Process Is The Main Thing

@ Anatoly Belaychuk’s BPM Blog

Interprocess Communications Via Data

Here is a test for my readers.

Question: What BPMN elements may be used to model interprocess communications (mark all correct options) -

  1. sequence flow
  2. message flow
  3. signal event
  4. conditional event
  5. association

Answer: click to see the answer

Comments to the answer:

Control flows can only connect objects within a same pool, so option А is wrong. Messages, by contrast, connect objects in different pools and/or pools themselves (starting or ending at the pool boundary), so option B is the “most correct”, so to say. Option C is also correct, see my signal usage examples.

An example of interprocess communication via conditional event:

The purchasing process checks whether a budget for the given period is approved and if not awaits for the approval. When the budget is approved the purchase is made or not depending on whether it’s secured in the budget. The budget approval is a separate process: when the budget is approved, the process sets the appropriate attribute to “true”, and this same attribute is checked by the purchasing process. In this example two processes interact via conditional event hence option D is correct, too.

Please note that “Budget Approved” trigger fires only when the boolean expresion defined for it changes its value from false to true. It means the following scheme will not work:

If the purchasing in the above diagram happens when the budget is already approved, the process will wait for the trigger forever.

One instance of the budget approval process has an impact on multiple instances of the purchasing processes awaiting the event in this example. BPMN signal works in a similar manner so let’s try to use it for the task:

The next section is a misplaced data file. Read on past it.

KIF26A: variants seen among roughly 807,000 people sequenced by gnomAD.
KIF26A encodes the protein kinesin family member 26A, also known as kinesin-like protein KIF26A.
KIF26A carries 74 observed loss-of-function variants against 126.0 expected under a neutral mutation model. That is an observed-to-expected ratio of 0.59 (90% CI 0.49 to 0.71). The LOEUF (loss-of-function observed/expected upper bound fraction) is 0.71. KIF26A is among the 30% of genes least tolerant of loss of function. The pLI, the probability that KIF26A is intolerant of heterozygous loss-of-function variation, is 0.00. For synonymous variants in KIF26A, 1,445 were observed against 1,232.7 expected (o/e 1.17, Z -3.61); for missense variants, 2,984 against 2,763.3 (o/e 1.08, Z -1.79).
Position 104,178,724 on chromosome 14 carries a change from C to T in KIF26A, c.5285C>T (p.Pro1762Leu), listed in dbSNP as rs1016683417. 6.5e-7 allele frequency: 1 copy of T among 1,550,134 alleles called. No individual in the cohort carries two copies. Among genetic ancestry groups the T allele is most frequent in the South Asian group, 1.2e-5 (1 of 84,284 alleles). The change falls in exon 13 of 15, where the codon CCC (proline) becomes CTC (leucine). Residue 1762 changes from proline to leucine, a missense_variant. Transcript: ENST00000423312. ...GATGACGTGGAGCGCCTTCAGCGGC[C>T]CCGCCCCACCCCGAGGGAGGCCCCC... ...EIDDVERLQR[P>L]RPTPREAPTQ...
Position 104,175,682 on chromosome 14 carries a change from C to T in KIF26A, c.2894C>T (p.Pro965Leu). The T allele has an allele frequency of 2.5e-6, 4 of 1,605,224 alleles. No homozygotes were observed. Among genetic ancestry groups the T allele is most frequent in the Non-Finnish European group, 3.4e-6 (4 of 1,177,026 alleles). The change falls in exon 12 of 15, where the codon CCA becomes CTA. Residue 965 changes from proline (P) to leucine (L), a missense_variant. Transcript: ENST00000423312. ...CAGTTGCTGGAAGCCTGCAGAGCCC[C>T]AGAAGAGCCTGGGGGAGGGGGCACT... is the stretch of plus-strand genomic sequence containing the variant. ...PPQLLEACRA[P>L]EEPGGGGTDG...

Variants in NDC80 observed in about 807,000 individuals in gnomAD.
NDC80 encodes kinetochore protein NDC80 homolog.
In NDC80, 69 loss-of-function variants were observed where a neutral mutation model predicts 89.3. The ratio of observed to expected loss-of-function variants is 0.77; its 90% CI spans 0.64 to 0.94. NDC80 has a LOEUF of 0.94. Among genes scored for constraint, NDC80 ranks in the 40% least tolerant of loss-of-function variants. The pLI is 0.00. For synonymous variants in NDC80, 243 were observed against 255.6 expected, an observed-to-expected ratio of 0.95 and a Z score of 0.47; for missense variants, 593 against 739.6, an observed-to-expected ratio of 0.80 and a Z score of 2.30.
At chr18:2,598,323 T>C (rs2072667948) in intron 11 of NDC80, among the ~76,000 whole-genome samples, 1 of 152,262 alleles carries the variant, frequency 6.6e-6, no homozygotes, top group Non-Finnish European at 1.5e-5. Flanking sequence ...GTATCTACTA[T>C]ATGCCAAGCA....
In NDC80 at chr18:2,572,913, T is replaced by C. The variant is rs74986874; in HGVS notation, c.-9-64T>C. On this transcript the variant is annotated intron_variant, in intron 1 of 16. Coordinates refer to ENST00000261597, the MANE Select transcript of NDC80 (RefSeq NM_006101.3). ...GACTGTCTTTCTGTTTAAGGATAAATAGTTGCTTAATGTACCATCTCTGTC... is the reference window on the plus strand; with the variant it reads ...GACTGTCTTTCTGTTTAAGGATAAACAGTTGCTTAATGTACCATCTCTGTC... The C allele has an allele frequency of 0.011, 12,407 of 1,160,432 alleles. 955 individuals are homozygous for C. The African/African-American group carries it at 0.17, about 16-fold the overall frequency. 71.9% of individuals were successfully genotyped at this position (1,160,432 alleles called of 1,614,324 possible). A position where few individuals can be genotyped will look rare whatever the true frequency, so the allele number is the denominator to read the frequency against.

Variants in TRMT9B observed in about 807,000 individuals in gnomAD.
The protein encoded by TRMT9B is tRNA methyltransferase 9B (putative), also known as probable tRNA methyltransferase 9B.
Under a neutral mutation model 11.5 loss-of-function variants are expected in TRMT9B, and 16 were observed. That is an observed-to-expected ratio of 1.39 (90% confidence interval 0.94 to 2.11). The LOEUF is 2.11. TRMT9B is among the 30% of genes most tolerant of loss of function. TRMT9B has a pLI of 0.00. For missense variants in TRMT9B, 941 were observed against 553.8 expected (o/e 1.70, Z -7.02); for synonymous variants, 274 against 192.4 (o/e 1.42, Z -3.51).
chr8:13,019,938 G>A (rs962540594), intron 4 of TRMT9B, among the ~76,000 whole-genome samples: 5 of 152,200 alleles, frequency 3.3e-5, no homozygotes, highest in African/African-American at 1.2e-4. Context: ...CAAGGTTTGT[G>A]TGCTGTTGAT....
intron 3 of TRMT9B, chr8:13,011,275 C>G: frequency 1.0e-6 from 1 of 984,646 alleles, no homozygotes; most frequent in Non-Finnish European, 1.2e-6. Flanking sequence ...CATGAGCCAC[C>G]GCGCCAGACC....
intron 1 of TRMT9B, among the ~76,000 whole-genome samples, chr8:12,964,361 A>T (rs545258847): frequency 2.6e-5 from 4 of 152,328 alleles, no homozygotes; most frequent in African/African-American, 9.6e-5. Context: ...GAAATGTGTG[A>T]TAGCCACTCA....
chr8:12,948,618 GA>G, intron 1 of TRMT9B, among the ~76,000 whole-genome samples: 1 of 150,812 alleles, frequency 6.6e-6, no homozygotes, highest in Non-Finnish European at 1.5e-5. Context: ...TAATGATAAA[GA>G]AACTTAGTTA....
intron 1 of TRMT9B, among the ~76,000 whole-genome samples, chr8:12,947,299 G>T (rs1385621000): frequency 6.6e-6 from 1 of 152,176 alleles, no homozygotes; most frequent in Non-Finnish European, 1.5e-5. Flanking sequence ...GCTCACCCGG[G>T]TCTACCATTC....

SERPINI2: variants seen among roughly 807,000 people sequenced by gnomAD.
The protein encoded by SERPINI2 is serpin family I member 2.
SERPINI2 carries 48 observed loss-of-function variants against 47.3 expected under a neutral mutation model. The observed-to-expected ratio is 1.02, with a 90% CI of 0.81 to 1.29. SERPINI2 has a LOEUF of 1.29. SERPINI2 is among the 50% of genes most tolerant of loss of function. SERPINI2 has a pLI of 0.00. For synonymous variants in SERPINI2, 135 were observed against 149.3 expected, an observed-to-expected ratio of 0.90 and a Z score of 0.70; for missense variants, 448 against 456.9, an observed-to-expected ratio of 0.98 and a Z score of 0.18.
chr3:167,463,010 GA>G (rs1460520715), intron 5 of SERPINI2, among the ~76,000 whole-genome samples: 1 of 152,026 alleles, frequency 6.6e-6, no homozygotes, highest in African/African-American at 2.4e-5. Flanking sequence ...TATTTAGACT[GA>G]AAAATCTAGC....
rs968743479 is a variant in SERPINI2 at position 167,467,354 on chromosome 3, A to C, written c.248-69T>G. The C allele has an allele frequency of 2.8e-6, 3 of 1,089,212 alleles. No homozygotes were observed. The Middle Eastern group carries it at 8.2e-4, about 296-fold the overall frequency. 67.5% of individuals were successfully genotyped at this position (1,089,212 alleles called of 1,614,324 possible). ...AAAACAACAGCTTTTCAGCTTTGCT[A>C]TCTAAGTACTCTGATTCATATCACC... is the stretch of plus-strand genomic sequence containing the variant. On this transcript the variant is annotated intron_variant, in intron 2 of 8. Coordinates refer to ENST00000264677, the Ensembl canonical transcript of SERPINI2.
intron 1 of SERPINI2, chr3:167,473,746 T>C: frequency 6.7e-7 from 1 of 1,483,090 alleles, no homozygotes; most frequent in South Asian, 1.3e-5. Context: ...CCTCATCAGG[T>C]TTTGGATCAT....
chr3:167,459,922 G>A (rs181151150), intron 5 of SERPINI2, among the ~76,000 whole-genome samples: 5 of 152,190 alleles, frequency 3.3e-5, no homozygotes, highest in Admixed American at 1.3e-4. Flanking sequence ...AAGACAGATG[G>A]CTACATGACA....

But it won’t work either. The point is that we are interested not in some abstract budget approval but in a budget for the period defined in the particular purchasing process instance attributes. It’s possible to write a boolean expression for the conditional event that will do the job but in a case of a signal we should define it at design time so we can’t tie the signal to a specific budget item.

Anyway both signals and conditional events support by BPMS vendors is very limited so better not count on them if you are interested in process execution.

Now let’s consider the final option E: do you think interprocess communications may be modeled with associations? My answer - not just may be but should be! To be precise, the value comes not from associations themselves but from data objects connected to the process activities by associations.

Here is an example:

It’s a typical pattern of interaction between customer order process, production scheduling and production. The key point: production has its own rhythm, it does not rush immediately to fulfill a customer’s order. Instead, customers order are converted into production orders, the latter are stored in the database for some time, and then at some regular intervals (e.g. daily) the production planning process starts which calculates a production schedule for given production orders. As soon as the schedule is fulfilled instances of the customer’s order process receive messages that the order is produced and theу proceed to delivery. Two methods of interprocess communication are involved in this case: via data objects and messages.